If you wish to read a summary of WTO dispute settlement process regarding New Zealand apples, go to the WTO website, DS367: Australia – Measures Affecting the Importation of Apples from New Zealand: URL https://www.wto.org/english/tratop_e/dispu_e/cases_e/ds367_e.htm
 
The article by Gigi Foster published in The Conversation on 9th August 2018 summarises the impact of both cyclones and industry protection on the banana industry in Australia.
 

  1. a) The article discusses an estimated welfare loss arising from banana import restrictions. Use a standard supply and demand diagram such as the one in Figure 9.4 of the text to illustrate and explain this welfare loss, including the impact on domestic consumers, producers and overall welfare. (Note your diagram should be conceptual – don’t use actual numbers). (Roughly 200 words).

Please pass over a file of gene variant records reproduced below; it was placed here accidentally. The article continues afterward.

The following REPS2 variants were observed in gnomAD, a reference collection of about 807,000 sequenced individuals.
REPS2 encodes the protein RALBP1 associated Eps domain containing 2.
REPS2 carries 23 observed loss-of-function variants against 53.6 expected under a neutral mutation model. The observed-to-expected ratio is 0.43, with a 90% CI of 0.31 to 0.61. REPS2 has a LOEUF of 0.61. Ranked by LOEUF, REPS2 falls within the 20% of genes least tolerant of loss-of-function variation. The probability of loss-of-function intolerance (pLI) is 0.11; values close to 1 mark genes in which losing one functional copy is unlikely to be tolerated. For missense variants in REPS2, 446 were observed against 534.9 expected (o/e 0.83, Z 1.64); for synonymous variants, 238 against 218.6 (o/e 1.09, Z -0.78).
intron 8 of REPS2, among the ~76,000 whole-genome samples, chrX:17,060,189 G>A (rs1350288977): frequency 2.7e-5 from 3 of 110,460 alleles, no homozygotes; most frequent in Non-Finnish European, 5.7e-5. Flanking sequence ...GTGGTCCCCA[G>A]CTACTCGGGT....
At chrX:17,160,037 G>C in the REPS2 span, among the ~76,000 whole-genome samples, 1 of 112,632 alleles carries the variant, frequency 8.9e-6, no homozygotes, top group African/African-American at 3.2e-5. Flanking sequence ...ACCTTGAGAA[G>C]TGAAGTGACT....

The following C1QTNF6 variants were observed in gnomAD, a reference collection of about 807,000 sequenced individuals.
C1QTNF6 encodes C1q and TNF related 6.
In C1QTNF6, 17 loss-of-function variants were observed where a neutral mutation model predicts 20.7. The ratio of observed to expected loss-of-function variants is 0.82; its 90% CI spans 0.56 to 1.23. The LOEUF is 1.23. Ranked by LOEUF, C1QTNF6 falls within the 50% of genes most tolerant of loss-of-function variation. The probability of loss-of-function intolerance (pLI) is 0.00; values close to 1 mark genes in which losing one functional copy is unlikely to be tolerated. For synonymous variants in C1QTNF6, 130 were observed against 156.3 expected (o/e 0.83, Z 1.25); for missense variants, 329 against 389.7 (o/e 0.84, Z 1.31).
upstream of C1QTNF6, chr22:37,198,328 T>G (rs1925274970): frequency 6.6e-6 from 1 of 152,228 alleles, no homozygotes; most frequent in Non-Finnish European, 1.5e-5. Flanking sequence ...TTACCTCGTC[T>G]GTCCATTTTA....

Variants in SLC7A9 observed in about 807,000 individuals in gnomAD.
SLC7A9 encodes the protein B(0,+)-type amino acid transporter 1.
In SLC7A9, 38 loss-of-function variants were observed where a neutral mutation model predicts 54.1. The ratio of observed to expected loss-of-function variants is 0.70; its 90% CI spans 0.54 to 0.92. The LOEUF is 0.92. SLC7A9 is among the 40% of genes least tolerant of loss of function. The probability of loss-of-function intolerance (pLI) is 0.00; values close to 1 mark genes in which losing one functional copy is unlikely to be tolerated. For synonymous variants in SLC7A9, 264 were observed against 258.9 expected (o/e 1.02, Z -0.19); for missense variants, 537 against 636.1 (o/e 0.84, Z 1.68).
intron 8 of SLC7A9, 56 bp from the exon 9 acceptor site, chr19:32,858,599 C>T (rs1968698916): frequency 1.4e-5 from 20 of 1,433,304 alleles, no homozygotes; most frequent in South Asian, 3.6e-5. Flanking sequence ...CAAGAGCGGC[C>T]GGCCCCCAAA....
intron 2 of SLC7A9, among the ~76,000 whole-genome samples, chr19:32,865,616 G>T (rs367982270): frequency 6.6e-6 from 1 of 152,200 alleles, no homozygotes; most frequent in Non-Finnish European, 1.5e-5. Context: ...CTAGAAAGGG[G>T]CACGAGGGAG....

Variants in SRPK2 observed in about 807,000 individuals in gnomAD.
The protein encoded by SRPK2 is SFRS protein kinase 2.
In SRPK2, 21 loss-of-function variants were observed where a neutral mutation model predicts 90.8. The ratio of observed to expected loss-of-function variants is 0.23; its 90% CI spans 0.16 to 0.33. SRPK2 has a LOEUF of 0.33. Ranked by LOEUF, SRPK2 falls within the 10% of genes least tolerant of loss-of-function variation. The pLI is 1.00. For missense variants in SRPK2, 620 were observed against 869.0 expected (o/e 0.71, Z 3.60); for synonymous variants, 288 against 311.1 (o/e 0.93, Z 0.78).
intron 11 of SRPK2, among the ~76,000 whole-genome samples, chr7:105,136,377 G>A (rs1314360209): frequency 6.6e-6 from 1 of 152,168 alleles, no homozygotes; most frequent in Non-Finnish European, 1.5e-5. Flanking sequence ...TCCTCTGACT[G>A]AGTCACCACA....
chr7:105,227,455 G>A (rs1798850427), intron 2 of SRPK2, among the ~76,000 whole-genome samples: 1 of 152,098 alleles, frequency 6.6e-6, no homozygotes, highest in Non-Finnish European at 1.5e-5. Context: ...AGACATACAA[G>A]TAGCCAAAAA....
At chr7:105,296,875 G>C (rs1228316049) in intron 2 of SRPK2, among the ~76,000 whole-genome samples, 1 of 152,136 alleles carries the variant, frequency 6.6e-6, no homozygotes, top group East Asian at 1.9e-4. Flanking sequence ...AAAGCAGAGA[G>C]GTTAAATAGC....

1. b) The article identifies two reasons commonly given for protecting the banana industry. What are these? Does Foster agree or disagree with these arguments? Explain your answer. (Roughly 300 words).

 

  1. c) The article refers to “rent seeking” by the banana industry. Explain what this means. (Roughly 200 words).

 

  1. d) Critically analyse the differing arguments put forward and discuss. Do you think any changes should be made to the banana industry? (Roughly 500 words)

 
Read both the SBS news article on the Australia/New Zealand apple dispute, and the case study in the text book, identified above. Part of the World Trade Organisation’s role is to adjudicate trade disputes; in this case the dispute was around whether bans on New Zealand apples were necessary to prevent pests/diseases coming into Australia, or whether the bans were not backed by science, and were therefore simply trade restrictions in place for the benefit of apple growers